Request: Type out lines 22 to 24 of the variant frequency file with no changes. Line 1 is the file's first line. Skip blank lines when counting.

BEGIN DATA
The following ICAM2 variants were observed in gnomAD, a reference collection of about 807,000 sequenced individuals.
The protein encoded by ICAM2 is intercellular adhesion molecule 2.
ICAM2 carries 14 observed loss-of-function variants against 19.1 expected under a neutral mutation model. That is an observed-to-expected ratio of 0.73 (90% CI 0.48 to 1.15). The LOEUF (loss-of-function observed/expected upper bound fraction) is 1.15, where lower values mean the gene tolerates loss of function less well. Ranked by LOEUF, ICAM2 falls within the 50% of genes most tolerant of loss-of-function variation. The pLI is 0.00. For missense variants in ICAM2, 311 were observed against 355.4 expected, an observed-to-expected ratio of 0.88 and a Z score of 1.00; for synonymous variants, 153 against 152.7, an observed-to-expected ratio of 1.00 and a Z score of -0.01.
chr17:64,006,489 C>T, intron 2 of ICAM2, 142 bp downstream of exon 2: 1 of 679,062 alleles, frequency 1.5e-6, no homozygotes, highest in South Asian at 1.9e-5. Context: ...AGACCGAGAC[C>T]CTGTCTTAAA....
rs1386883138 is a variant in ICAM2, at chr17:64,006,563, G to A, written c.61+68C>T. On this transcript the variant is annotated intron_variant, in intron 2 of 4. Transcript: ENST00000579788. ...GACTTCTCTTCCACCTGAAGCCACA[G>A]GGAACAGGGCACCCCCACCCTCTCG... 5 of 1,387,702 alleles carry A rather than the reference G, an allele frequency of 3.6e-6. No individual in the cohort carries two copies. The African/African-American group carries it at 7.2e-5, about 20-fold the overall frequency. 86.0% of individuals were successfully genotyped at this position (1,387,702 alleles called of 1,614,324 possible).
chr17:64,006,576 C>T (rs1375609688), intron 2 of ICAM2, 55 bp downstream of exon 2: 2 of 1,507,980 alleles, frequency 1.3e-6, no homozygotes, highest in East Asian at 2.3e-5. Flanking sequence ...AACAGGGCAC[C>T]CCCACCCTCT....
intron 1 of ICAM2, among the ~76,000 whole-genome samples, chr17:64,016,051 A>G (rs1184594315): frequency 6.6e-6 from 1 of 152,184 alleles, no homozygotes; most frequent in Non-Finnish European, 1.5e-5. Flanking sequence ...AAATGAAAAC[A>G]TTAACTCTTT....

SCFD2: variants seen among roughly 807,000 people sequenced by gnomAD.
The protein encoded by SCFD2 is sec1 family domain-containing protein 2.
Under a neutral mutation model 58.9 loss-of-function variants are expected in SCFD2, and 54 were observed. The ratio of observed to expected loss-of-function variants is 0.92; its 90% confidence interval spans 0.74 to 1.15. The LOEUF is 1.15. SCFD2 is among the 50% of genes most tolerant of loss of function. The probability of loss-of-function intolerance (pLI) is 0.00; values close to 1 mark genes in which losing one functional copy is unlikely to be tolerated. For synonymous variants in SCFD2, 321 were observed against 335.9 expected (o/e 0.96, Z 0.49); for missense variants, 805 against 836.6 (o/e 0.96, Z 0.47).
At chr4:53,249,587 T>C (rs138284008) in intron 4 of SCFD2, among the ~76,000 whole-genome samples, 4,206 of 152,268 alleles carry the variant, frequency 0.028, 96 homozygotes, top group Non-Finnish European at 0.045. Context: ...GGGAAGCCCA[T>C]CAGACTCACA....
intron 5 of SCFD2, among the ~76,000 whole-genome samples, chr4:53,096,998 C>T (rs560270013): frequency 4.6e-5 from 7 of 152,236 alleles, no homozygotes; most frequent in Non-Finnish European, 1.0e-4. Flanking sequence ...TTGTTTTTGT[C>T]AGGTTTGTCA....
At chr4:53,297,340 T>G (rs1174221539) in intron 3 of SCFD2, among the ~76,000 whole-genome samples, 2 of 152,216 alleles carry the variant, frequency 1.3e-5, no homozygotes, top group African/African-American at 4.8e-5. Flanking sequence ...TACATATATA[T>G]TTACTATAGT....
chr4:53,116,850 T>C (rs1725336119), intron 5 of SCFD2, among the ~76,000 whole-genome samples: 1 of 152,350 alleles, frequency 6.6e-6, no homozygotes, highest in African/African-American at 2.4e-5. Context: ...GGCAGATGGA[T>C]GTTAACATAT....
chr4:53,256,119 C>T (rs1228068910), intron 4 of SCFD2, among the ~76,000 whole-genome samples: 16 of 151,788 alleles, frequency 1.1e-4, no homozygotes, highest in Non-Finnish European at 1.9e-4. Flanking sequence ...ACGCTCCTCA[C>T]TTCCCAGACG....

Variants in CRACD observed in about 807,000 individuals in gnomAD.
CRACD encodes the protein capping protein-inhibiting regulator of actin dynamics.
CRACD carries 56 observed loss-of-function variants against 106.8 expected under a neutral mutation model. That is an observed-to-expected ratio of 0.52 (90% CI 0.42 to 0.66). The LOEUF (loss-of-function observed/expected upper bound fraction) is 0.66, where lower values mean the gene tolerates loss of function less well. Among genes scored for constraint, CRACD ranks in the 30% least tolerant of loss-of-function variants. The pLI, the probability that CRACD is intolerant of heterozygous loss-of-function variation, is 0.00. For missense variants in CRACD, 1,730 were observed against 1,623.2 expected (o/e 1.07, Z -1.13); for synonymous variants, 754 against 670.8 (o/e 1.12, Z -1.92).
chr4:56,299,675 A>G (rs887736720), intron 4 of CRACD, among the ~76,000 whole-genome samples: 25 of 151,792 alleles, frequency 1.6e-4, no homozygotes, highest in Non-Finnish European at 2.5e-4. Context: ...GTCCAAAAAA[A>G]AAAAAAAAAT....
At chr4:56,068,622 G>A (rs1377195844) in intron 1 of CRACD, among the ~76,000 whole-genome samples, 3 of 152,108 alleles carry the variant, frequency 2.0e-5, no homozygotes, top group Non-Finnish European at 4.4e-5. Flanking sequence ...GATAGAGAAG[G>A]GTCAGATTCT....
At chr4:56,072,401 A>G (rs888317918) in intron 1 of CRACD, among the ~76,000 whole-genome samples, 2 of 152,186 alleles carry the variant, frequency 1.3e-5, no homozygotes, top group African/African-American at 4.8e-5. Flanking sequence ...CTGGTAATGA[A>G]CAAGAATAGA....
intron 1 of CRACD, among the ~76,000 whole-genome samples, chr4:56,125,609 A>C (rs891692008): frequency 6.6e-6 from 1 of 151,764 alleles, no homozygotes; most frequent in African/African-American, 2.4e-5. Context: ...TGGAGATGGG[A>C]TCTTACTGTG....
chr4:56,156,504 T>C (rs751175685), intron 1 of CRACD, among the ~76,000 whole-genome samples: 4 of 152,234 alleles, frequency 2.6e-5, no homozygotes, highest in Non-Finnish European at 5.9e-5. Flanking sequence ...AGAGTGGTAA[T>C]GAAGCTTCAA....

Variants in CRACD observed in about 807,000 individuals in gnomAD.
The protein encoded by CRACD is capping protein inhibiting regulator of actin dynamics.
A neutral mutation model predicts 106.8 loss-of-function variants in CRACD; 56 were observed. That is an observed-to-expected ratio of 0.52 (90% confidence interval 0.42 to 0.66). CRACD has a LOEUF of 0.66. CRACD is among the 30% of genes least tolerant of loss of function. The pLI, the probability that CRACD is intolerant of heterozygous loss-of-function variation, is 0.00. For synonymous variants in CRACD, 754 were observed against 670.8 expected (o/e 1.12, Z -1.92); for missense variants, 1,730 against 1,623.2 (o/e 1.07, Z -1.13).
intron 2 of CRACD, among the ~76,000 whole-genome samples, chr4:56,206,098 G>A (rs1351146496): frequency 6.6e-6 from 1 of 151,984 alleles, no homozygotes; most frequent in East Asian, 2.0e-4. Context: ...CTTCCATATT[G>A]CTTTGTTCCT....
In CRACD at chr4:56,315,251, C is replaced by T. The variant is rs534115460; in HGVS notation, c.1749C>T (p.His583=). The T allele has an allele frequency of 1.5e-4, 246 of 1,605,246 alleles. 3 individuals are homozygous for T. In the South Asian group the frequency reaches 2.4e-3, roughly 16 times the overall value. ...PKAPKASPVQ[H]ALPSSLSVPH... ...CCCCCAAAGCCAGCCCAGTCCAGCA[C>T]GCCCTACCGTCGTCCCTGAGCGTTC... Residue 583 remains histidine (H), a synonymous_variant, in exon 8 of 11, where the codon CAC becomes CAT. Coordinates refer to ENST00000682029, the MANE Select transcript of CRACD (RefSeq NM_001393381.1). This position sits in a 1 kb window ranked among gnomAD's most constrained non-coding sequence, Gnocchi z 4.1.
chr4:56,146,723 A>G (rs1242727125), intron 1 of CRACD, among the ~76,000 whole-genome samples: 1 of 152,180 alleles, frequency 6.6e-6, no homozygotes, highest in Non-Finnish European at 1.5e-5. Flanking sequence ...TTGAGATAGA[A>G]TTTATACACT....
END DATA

intron 1 of CRACD, among the ~76,000 whole-genome samples, chr4:56,125,609 A>C (rs891692008): frequency 6.6e-6 from 1 of 151,764 alleles, no homozygotes; most frequent in African/African-American, 2.4e-5. Context: ...TGGAGATGGG[A>C]TCTTACTGTG....
chr4:56,156,504 T>C (rs751175685), intron 1 of CRACD, among the ~76,000 whole-genome samples: 4 of 152,234 alleles, frequency 2.6e-5, no homozygotes, highest in Non-Finnish European at 5.9e-5. Flanking sequence ...AGAGTGGTAA[T>C]GAAGCTTCAA....

Variants in CRACD observed in about 807,000 individuals in gnomAD.